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Old 13th January 2003, 01:31 PM   #1
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Default Bass interference with mids

I recently built a set of 30w's which ,if they all worked out right, have a frequency resp. of 32hz- 20khz.
Is having such a wide frequncy responce from a single speaker (only 2 ways) bad for sound quality?
I find when playing bassy music that the lows tend to interfere with the low-mids... could this be that the woofers over exerting itself?

Woofer is a 6.5' poly cone Redback (sold by altronics in perth).
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Old 13th January 2003, 05:12 PM   #2
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Yes, there is intermodulation distortion, and it is terrible news.

Take 2 tones. F1 = 50 Hz, F2 = 300 Hz. When a speaker produces both tones, frequencies are generated that are neither 50 Hz or 300 Hz. They rarely fall on the musical scale, and are very easily detected. These are called intermodulation distortion.

The more the woofer moves to create the lower tones, the greater the intermodualtion distortion when higher frequencies are played.

Any speaker trying to reproduce a 40 Hz tone at 101 dB must move 12 cu inches of air. A 6 1/2 " speaker has about 24 sq in of cone area. Therefore, in a sealed box it must move 1/2" to produce 40 Hz at 101 dB. That will definitely interfere with midrange and higher frequencies.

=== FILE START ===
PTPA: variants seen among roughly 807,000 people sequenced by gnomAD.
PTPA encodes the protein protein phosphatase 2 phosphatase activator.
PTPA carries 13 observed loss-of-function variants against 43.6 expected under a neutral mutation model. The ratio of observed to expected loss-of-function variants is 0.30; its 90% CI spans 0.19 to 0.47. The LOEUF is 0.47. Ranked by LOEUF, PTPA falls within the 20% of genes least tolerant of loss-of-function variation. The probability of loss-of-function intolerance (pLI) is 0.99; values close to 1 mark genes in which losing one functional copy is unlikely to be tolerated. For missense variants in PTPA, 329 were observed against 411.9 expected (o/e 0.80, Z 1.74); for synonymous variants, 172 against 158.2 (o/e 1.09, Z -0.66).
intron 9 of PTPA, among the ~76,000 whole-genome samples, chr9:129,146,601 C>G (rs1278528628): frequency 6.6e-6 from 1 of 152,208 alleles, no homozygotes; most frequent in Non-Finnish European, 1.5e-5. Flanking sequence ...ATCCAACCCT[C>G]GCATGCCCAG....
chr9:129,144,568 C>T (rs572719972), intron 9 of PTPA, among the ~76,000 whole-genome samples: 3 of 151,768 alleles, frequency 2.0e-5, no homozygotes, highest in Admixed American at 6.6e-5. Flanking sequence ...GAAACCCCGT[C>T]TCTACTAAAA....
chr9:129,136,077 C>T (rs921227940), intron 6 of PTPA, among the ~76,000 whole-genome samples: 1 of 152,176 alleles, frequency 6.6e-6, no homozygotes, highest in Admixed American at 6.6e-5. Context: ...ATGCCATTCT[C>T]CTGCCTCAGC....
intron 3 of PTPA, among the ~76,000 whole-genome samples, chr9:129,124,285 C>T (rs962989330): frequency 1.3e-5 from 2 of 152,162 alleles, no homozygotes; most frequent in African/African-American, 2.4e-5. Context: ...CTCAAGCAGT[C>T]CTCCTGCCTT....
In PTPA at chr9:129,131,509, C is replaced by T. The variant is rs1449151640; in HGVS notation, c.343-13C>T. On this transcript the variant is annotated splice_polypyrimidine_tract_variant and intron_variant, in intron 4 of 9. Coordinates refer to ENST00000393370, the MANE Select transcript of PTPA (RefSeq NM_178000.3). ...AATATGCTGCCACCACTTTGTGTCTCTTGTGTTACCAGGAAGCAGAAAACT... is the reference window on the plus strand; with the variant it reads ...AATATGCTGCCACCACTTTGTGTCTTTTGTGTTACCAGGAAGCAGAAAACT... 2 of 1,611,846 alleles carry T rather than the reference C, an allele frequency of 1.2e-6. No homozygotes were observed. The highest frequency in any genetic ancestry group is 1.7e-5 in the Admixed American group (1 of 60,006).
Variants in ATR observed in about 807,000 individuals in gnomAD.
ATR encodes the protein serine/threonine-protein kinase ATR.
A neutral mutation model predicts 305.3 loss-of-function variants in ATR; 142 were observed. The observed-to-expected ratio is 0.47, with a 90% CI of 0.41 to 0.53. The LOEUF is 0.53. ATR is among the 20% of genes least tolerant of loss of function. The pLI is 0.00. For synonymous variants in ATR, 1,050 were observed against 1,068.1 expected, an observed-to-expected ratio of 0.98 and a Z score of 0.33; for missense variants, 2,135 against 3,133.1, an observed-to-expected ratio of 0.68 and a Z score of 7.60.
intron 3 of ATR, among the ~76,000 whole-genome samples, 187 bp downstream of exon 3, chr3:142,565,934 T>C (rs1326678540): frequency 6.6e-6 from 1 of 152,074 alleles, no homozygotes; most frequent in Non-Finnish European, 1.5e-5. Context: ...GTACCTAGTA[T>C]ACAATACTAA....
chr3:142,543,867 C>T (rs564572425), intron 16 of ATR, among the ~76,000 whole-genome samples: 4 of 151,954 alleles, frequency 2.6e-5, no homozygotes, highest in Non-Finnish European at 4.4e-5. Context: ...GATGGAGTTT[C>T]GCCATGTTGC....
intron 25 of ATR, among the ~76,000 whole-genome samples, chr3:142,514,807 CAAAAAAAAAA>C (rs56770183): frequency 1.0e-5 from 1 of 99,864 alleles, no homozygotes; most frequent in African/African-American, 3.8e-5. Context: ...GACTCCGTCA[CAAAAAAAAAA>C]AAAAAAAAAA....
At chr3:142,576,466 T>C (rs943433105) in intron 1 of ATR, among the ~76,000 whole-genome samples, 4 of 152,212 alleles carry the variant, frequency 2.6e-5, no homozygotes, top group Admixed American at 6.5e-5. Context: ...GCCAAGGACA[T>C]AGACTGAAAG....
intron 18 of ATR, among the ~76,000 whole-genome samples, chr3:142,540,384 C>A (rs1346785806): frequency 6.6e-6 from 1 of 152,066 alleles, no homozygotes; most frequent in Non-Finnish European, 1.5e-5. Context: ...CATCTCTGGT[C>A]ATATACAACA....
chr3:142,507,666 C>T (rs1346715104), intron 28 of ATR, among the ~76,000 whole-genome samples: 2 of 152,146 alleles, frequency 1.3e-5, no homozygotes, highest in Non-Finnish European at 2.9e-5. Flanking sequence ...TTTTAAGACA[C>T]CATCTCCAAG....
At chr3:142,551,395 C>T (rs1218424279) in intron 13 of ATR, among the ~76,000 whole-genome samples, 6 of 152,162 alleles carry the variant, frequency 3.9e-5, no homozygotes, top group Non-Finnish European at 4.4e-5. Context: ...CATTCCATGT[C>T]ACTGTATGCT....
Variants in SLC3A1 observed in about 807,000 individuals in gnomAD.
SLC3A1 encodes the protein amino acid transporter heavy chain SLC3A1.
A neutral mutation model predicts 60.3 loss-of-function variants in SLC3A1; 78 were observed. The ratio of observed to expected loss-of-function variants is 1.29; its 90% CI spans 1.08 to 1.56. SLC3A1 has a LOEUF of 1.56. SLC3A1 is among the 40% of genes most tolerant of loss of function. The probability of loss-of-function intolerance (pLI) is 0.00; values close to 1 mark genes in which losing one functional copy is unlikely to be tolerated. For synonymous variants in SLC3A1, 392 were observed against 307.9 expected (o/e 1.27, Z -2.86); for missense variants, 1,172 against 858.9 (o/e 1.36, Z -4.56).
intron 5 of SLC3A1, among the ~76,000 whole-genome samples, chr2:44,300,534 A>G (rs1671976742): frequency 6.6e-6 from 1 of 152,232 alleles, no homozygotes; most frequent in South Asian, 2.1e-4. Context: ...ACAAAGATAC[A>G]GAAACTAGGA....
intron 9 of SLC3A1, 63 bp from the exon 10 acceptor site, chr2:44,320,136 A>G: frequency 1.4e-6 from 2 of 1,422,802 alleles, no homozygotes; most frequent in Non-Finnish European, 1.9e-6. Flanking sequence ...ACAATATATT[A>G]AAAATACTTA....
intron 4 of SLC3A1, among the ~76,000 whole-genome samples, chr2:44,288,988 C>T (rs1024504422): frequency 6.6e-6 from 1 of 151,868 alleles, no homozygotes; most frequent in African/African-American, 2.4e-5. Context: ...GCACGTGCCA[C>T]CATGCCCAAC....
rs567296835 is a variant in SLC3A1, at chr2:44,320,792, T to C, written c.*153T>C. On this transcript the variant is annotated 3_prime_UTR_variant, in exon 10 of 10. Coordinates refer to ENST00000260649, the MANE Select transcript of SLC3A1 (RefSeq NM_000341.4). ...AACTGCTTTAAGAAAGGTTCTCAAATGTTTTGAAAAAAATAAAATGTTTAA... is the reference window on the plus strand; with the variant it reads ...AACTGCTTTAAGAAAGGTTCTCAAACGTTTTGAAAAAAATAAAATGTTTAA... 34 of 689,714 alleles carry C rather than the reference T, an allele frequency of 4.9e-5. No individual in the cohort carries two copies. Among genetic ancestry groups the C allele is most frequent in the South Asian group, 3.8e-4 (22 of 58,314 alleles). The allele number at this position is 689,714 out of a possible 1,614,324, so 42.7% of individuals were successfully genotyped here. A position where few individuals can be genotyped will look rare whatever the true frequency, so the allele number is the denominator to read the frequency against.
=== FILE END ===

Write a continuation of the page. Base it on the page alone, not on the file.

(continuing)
I will give you the formula to calculate this later. All this is taken from an article by late and very much missed Paul Klipsch in the Journal of the Audio Engineering Society.

Right now, I will just give you a graph of an 8 inch speaker, playing two tones at 90 dB. The first tone is 50 Hz, and is so low in frequency that it is not on the chart. The second tone is 300 Hz, and is clearly marked with F2. The vertical divisions are 50 Hz, the horizontal ones 10 dB. Look at the interference. Remember, this is from an 8 inch speaker-which needs to move less than a 6 1/2" speaker-played at a comparatively soft level. In a perfect world, the only tone that should show on the graph is F2 at 300 Hz. The others are all distortion tones.

The louder the level, the worse the situation becomes. Ported boxes offers an improvement over sealed box in this regard. Nevertheless, the phenomenon exists in the ported box as well.